Wednesday, May 23, 2007

Explaining Gaza

Noah Pollak assembles several arguments about the causes of the situation in Gaza I've been meaning to address. First is his list of the factors leading to the rise of Hamas:
"First, Israel defeated the intifada; second, Arafat died; third, Mahmoud Abbas was elected the new PA president; and fourth, Israel removed itself from Gaza. The latter three in particular served to strengthen Hamas -- not Fatah. The reality of the fractiousness of the Palestinian cause was already coming into view in 2005, before Hamas was elected, when more Palestinians were killed in internecine fighting than in battle against Israel. It might be gratifying to make a post facto declaration that in 2005, the old hands among the Palestinians had their territory under control until the Bush administration, which can’t do anything right, forced inadvisable changes on them. But that idea is simply a flight of fancy."

All of this has more to do with Hamas's rise in the Gaza Strip than the 2006 Parliamentary elections. I still think the Hamas victory in those was a fluke caused by a strong protest vote against Fatah corruption and splits within Fatah which made it possible for Hamas to win seats on a plurality basis. Pushing for elections was still the right thing to do, as it was the only way to produce a government with the legitimacy to pursue a peace process. The fact Hamas won does not change that dynamic, but merely shows how problematic Palestinian leadership issues can be.

These two paragraphs, however, are pathetically racist:
"Among the Arab countries today in which there is a modicum of internal stability, each is controlled by an Arafat-type figure -- an anti-democratic strongman who is able to crush all challenges to his authority. Likewise, among those Arab countries that aren't ruled by a despot, the political dynamic is also consistent: In Lebanon, Iraq, and now Gaza, sectarian violence is the dominant form of political expression. It’s true that Arafat’s authority was weaker in Gaza than in the West Bank, but in Gaza there was always another strongman present to keep a lid on things: the Israeli occupation. When Israel disengaged in the summer of 2005, suddenly Gaza was without any master at all, and that’s exactly when the territory started going full-tilt toward the Hobbesian state of nature it now finds itself in.

"And so to blame recent Bush administration choices for this lawlessness -- or more precisely, to invent stories about administration choices -- is more than a bit much. Even if the PA elections in 2006 hadn't occurred, I doubt the battle we are seeing today wouldn’t have happened. The fight is foreordained by Gaza's demography, its political and religious extremism, Arafat's death, and Israel's unwillingness to police the territory. The Bush administration is simply along for the ride -- as is Israel. And the reason why Abbas has never been able to emerge as a leader of the Palestinians is because his weakness is similarly foreordained. Consensus-based political leadership is anathema to the Arab world. We're seeing that rather starkly today in Gaza."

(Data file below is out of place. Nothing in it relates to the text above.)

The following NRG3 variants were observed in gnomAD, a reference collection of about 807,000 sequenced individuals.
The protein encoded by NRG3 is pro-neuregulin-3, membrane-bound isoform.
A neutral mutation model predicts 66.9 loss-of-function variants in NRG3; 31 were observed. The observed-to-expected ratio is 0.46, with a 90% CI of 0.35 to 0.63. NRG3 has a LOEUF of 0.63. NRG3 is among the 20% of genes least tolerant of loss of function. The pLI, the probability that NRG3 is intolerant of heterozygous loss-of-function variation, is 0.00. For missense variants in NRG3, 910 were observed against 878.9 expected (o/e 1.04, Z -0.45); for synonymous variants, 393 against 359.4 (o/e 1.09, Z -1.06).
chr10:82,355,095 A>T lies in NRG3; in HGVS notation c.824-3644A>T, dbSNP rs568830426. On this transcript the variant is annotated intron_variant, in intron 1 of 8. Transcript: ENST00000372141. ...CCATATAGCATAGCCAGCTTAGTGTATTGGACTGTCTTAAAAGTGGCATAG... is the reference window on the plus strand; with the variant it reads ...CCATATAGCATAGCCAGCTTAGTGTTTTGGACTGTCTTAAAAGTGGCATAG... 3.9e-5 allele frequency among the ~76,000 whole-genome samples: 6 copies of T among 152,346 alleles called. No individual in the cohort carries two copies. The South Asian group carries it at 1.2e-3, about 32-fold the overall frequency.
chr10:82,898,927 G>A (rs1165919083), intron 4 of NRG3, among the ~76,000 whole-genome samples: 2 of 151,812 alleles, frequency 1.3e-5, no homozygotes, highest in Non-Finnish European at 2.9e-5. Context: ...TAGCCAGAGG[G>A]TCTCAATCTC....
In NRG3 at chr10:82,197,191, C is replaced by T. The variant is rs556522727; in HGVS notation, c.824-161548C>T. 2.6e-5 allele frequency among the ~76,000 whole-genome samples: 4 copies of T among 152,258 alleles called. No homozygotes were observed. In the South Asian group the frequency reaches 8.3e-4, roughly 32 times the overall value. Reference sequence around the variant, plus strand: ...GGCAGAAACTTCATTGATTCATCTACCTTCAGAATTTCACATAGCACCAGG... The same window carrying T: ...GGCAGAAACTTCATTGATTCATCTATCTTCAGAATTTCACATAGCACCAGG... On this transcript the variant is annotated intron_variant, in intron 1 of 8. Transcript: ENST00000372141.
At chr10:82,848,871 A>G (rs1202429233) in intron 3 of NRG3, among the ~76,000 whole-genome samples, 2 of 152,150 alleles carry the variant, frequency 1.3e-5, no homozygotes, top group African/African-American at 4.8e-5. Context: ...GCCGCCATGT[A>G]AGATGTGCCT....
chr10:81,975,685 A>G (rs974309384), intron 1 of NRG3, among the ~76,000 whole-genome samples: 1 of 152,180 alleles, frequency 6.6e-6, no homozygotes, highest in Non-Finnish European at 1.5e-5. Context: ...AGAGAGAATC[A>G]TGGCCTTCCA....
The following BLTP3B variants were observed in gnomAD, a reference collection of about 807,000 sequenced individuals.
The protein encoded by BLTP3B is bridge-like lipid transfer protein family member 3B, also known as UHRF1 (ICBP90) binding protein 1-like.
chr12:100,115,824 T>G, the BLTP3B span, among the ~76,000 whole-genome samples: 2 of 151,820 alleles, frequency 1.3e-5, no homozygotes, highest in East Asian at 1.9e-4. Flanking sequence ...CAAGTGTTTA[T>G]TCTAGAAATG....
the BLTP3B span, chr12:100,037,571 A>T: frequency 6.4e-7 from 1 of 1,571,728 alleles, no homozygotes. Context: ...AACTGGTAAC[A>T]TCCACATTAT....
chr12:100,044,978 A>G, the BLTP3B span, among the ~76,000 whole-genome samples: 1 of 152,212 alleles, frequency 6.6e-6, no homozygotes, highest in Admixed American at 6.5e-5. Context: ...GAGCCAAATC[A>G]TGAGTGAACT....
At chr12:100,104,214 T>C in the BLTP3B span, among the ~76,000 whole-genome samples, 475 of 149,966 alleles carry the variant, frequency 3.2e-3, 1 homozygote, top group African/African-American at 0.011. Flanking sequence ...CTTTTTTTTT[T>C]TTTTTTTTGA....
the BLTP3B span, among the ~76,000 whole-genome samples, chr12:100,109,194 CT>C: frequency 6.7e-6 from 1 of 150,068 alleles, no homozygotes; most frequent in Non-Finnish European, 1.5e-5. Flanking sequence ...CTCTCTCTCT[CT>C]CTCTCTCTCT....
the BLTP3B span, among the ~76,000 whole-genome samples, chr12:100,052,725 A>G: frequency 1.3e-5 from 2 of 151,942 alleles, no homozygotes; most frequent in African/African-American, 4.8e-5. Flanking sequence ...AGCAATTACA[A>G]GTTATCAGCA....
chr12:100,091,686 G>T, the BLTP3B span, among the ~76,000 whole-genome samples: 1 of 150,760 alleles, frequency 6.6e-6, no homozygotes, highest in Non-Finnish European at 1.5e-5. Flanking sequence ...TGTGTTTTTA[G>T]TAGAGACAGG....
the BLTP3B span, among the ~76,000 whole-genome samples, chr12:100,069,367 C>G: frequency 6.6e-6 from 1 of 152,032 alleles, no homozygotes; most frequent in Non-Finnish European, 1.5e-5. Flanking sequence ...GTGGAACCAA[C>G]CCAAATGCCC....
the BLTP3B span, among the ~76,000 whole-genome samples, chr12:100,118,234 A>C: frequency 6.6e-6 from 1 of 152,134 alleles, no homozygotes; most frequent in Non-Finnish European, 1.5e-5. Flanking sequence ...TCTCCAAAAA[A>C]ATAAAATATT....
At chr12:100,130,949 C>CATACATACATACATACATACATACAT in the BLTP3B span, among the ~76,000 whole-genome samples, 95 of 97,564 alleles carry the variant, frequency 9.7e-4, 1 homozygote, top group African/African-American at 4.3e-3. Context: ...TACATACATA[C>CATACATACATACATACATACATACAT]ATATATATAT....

The frame story here is that the Arab world is culturally unsuited for what Pollak calls "consensus-based political leadership." Within this, he situates Gaza as an example of a place doomed to anarchy by, "demography, its political and religious extremism, Arafat's death, and Israel's unwillingness to police the territory." However, I'm pretty sure those factors have nothing to do with Arab culture in is manifestations from the Gulf to Morocco.

Stability in most of the Arabian Peninsula is maintained precisely by "consensus-based political leadership" lubricated by oil wealth. That's the essence of the tribal model which is still prominent in many of those areas. Beyond that, Pollak doesn't mention Kuwait, which has developed a rather vibrant democratic culture which frequently challenges and beats the royal family. The sectarian violence of Lebanon and Iraq was not foreordained, but arose from specific conditions in each country. In Lebanon, the governing system allocated power by religious group, which ultimately led to discrimination when the demographic balance shifted. In Iraq, there was a concerted effort by radical Sunnis to provoke a civil war with the Shi'ite majority which finally took hold during 2006, with the destruction of the Askariyya Shrine in Samarra as a major turning point.

Pollak concludes by saying that the problem was "attempting to drag the Arabs of Palestine, against their will, into western political modernity." The Palestinians have for some time had one of the most politically sophisticated cultures in the Arab world. That's why people actually voted, and a party out of power won and took office. The violence sense then has been caused by the weakness of institutions, with security services loyal to factions rather than the quasi-state, a situation which more closely resembles the late Roman Republic than most of the Arab world. There's also been a division in power between the Presidency and Prime Minister's office dating from American and Israeli attempts to sideline Arafat, together with manipulation from a Damascus-based exile leadership whose authority has proven stronger than that of those elected by the actual Palestinians. Foreign powers do play games with weak governments in areas where they have interests, and there's also nothing new about that.

(Crossposted to American Footprints)



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